They function in the same way though, as a growth pod and foot source for the wasp larva that hatches within, and when ready, the wasp will eat it’s way out to freedom.

This poor tree at Darlaston had knapper galls, marble galls, common galls and cola nut galls. And plenty of acorns!

August 14th – Sorry, after this I promise no morale oak wasp galls!

This is an artichoke oak wasp gall, created the same way as all the others, this wasp selects acorn buds, which are corrupted into these neat little artichoke shaped growths to house it’s larvae.

These examples spotted on Clayhanger Common.

That’s it now, I think we’ve collected the set…

August 13th – More oak wasp galls, which I’ve gone all out to find this year for no other reason than they fascinate me.

On a small sapling by the canalside track at Hopwas, hundreds of thousands of almost annular, ring-like growths on the leaves, looking maybe like fungus or some odd egg. These are the delightfully named common spangle gall for the flat ones, and silk button galls for the rounder, more sharply defined ones.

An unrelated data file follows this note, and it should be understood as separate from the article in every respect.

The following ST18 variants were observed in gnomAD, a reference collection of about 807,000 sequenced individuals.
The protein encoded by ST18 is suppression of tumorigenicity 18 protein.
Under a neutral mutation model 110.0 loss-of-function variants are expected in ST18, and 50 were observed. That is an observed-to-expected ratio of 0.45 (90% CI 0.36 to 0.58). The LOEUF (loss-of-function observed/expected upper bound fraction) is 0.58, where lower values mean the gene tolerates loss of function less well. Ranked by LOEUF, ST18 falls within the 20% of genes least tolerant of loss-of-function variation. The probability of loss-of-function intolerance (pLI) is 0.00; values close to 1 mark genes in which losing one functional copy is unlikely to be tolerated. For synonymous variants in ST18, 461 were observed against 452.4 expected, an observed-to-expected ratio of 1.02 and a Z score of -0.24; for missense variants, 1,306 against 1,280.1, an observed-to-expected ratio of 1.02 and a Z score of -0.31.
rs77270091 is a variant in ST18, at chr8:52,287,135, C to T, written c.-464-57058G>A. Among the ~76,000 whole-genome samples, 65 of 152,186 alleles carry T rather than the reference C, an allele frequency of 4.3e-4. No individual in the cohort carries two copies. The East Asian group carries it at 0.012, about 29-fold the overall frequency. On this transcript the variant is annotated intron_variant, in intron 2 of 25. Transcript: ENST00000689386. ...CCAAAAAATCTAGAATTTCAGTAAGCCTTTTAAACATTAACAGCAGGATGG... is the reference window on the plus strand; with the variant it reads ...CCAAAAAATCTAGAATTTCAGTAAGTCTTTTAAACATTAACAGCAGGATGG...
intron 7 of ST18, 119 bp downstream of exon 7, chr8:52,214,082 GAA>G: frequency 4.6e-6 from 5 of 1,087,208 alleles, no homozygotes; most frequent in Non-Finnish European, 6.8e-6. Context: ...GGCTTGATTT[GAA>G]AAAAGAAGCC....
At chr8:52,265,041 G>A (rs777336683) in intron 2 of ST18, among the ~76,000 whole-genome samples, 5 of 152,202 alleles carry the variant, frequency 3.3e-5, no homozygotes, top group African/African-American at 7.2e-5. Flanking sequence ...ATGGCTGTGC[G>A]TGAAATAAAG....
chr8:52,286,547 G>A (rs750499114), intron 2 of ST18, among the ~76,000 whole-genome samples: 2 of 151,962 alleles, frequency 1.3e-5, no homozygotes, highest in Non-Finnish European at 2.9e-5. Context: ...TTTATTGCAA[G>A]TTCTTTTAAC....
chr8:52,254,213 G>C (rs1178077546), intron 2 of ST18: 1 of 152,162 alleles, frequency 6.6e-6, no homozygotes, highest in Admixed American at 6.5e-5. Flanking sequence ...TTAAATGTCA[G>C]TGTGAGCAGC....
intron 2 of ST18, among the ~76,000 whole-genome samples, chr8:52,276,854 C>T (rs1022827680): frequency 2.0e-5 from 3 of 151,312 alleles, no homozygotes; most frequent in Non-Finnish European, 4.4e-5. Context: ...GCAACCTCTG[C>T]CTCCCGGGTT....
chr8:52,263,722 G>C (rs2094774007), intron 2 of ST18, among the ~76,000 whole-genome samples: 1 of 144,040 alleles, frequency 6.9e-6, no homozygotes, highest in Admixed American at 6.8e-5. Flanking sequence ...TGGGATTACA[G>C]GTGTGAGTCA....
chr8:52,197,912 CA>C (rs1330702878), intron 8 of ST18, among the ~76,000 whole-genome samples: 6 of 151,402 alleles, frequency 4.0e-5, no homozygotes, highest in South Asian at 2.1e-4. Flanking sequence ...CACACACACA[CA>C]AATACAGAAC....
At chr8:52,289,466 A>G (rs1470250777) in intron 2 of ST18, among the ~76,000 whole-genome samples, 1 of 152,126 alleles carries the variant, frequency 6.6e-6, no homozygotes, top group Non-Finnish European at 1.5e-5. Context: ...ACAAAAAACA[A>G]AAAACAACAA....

These are all created by the same mechanism – a small wasp injects an egg into the leaf, and a chemical coating the egg disrupts the plant DNA to grow the gall, which leaves a light patch on the upper surface of the leaf where nutrients have been leeched away by the larva growing underneath.

I’m not sure why galls like this captivate me so much but they are absolutely fascinating.

August 10th – Oak galls continue to fascinate, and on this tree in Victoria Park, Darlaston, there’s quite a display of knopper galls, the first I’ve seen this year.

Like other oak parasites, the knopper wasp lays eggs in it’s host, secreted in a chemical that corrupts the cellular DNA of the host plant matter causing the gall too grow. In this case, the target is the acorn itself, and on this tree, one can see some acorns blighted by two such galls.

As with others, the egg hatches and ithe wasp larva eats the gall and grows safe in it’s corrupted acorn, before boring it’s way out when mature.

Also on this tree, the more conventional wasp gall – the common ‘oak apple’ of folklore, a spherical gall grown the same way.

These galls don’t harm the host, but do reduce the functional acorn crop. I’d love to know just why the oak is targeted so particularly with the and not so much other trees…